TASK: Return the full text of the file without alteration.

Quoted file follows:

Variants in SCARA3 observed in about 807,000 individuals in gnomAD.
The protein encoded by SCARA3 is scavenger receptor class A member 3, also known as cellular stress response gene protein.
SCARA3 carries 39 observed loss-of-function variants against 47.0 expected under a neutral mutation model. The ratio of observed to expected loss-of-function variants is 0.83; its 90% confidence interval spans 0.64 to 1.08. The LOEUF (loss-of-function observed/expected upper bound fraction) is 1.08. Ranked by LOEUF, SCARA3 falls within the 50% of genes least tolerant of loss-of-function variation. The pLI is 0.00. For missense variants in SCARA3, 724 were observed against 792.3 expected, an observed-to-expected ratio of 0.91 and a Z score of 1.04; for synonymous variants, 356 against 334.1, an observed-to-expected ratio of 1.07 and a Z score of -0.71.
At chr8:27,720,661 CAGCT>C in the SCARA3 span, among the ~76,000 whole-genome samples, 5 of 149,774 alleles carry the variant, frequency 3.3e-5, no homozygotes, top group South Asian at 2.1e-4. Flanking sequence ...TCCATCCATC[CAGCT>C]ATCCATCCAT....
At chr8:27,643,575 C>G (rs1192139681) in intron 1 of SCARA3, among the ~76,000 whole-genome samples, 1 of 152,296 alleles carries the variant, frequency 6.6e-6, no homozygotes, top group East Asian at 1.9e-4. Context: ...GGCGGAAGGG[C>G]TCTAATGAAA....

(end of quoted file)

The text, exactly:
Variants in SCARA3 observed in about 807,000 individuals in gnomAD.
The protein encoded by SCARA3 is scavenger receptor class A member 3, also known as cellular stress response gene protein.
SCARA3 carries 39 observed loss-of-function variants against 47.0 expected under a neutral mutation model. The ratio of observed to expected loss-of-function variants is 0.83; its 90% confidence interval spans 0.64 to 1.08. The LOEUF (loss-of-function observed/expected upper bound fraction) is 1.08. Ranked by LOEUF, SCARA3 falls within the 50% of genes least tolerant of loss-of-function variation. The pLI is 0.00. For missense variants in SCARA3, 724 were observed against 792.3 expected, an observed-to-expected ratio of 0.91 and a Z score of 1.04; for synonymous variants, 356 against 334.1, an observed-to-expected ratio of 1.07 and a Z score of -0.71.
At chr8:27,720,661 CAGCT>C in the SCARA3 span, among the ~76,000 whole-genome samples, 5 of 149,774 alleles carry the variant, frequency 3.3e-5, no homozygotes, top group South Asian at 2.1e-4. Flanking sequence ...TCCATCCATC[CAGCT>C]ATCCATCCAT....
At chr8:27,643,575 C>G (rs1192139681) in intron 1 of SCARA3, among the ~76,000 whole-genome samples, 1 of 152,296 alleles carries the variant, frequency 6.6e-6, no homozygotes, top group East Asian at 1.9e-4. Context: ...GGCGGAAGGG[C>G]TCTAATGAAA....